Maria told me about her first trouble: accepting that she wasn’t happy with her own body, and starting to reach out for help. An intimate decision on her own body had to become a cold discussion with a (likely male) doctor wearing a white doctors’s coat in his cold studio. All this emotional effort to have a simple answer to a simple question:
How will I look like if I do this?
Maria spent weeks looking at herself in a mirror fantastising on the answer to this question before she found the courage to walk through the doctor’s door. And after she did that, the answer she received was not at all emotionally reassuring. She had to go through images of the results of the operation on other women, something that not only didn’t really help Maria, but also felt degrading. This was about her, not about “patient number 38”. There are surely more empathic doctors around, but Maria wasn’t lucky. It’s hard to teach empathy in med school.
Maria had to take a leap of faith. She told me about the stress she felt the morning of the operation, knowing that her body would soon be altered to chase an image of herself that she didn’t really know yet, but hopefully would make her happier and more comfortable with her body.
Five years later, Maria is happy with her body and the stress of the operation is a distant memory.
How can AI help?
Patrick’s AI could have helped Maria. Before asking for feedback from a medical professional, she could have foreseen the effects of the operation in the intimacy of her room, using nothing but an app. Her pressing question “how will I look like?” would have gotten a first answer in her personal space, not in a doctor’s studio through a book of other people’s intimate snapshots.
When we talk about AI and its shortcomings, we often list lack of empathy and “human touch” among them. Especially when dealing with delicate topics like health, we tend to imagine that people want to interact with other people, not with algorithms. I think we need to revisit our views on this matter: people don’t always want to talk to people. There’s a set of problems that are emotionally hard to deal with and tough to share. In this case, the “coldness” and apathy of technology can paradoxically help people taking a first step.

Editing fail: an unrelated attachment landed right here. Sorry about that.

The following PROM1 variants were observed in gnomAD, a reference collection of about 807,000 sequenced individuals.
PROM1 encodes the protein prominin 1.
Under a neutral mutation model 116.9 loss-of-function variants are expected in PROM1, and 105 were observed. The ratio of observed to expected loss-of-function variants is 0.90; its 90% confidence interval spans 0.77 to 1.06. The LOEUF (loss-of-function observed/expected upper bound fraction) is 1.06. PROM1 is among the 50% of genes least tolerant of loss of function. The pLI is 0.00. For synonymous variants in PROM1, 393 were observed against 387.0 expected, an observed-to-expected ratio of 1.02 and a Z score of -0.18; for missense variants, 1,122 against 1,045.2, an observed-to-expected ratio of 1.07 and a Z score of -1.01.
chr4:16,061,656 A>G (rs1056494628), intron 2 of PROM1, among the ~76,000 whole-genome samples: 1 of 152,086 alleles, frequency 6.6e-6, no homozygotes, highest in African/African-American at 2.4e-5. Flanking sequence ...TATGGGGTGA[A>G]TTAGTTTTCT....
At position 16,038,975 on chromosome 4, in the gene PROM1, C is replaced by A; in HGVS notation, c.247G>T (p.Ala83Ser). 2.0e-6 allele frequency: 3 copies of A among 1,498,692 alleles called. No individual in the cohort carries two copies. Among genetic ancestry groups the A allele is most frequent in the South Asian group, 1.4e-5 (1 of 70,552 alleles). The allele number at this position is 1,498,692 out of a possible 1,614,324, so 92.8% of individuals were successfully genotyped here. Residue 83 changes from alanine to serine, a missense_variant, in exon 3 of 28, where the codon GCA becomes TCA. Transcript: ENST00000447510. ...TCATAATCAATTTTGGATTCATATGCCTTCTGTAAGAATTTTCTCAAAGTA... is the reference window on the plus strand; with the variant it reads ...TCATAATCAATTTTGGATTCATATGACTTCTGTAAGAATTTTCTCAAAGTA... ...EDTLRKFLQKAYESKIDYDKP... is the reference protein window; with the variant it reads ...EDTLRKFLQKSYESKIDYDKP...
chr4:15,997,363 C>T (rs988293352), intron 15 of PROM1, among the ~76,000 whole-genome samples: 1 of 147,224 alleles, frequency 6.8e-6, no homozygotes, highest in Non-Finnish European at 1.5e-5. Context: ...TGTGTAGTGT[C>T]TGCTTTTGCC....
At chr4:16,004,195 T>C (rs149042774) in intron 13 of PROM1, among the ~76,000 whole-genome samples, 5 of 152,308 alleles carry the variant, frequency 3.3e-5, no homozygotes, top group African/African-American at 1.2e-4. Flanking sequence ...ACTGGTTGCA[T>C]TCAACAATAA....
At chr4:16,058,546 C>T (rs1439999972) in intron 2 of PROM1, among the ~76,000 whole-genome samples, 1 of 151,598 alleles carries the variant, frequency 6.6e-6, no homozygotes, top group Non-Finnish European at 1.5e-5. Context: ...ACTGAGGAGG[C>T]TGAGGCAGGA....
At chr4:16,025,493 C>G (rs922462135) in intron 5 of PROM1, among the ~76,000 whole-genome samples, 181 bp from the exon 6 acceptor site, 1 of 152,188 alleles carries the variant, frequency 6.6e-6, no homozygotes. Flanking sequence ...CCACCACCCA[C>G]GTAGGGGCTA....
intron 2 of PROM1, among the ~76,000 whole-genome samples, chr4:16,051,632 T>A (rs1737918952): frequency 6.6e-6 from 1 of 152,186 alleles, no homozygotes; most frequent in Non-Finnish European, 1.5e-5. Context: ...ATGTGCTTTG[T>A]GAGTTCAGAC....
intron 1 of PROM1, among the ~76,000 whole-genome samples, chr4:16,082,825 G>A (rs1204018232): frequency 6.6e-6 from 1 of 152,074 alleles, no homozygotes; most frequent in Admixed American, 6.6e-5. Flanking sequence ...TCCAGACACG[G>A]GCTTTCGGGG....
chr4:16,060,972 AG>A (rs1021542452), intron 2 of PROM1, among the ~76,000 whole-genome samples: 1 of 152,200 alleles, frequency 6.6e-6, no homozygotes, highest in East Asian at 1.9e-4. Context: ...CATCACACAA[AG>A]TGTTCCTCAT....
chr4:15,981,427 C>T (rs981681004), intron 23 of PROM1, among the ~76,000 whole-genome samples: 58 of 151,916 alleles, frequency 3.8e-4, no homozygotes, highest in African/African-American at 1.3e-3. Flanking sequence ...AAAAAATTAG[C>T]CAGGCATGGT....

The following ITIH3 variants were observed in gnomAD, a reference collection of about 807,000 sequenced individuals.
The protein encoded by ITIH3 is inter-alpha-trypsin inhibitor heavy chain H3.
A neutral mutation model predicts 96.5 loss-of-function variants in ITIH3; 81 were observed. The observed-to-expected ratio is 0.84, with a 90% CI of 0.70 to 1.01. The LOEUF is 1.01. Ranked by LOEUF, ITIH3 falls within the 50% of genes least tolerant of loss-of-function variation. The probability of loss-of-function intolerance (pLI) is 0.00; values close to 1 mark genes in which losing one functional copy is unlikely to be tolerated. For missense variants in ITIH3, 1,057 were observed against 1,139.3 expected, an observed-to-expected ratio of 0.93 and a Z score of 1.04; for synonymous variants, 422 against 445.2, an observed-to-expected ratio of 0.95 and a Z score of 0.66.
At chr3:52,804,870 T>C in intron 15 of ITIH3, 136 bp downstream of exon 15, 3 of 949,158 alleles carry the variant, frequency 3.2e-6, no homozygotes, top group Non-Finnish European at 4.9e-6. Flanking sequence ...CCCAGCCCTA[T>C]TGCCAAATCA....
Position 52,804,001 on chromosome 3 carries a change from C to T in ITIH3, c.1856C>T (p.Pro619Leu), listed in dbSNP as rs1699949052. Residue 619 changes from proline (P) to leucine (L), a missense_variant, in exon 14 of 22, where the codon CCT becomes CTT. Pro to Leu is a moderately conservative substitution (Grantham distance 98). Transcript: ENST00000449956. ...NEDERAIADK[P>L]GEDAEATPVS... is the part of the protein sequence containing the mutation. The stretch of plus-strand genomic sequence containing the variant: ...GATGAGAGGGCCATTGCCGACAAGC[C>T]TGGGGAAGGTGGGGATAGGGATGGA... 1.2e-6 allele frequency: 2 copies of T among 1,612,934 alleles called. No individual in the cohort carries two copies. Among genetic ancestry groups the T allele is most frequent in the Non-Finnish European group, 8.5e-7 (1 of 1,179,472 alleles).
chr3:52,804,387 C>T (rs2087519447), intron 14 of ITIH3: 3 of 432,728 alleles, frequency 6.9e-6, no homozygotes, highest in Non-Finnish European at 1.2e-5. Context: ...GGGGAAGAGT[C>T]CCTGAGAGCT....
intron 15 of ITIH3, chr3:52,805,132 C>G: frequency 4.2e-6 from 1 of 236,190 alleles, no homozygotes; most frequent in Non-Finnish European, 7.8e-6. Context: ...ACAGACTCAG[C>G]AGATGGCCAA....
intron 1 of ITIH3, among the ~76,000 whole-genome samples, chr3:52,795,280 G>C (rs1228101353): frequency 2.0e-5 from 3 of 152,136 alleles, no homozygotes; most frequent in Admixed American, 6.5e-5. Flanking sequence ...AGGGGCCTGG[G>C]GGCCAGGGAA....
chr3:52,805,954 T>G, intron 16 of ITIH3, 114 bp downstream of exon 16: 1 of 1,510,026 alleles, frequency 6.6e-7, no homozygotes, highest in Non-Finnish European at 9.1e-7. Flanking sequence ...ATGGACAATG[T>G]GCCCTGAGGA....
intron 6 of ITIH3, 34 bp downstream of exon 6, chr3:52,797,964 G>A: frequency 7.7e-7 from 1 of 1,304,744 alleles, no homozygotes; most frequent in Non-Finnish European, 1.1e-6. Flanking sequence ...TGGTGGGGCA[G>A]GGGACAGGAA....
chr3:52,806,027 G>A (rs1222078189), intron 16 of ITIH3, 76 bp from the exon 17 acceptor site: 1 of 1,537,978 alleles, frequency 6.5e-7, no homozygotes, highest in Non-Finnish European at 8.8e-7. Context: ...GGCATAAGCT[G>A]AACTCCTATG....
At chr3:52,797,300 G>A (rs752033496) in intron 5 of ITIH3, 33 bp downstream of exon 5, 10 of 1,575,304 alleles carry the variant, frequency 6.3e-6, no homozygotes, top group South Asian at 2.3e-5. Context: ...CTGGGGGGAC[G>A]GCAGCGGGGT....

Removing humans from the equation doesn’t just remove empathy, it can also get rid of the fear of being judged and not understood.
There’s also another point: it simply works pretty damn good. Since this AI has “learnt” from real world evidence, its results will be more realistic than any self-service product. If evolved to work with the doctors’ input, it could be a terrific asset to help physicians make patients feel more at ease with their choices, and ultimately happier.
This technology could help many more people other than Maria. Think about men that need to go through hair transplant, man and woman that want a nose job, or in general everyone that wakes up in the morning not feeling at ease with her or his look, wonders on how surgery can help, and has a simple, straightforward question: “how will I look like if I do this?”. AI can help with this.
AI is nothing but a tool in the hands of people. It’s our job to envision how we can use it to serve humanity solving their problems and making their life easier, and not be limited by short-term internet memes.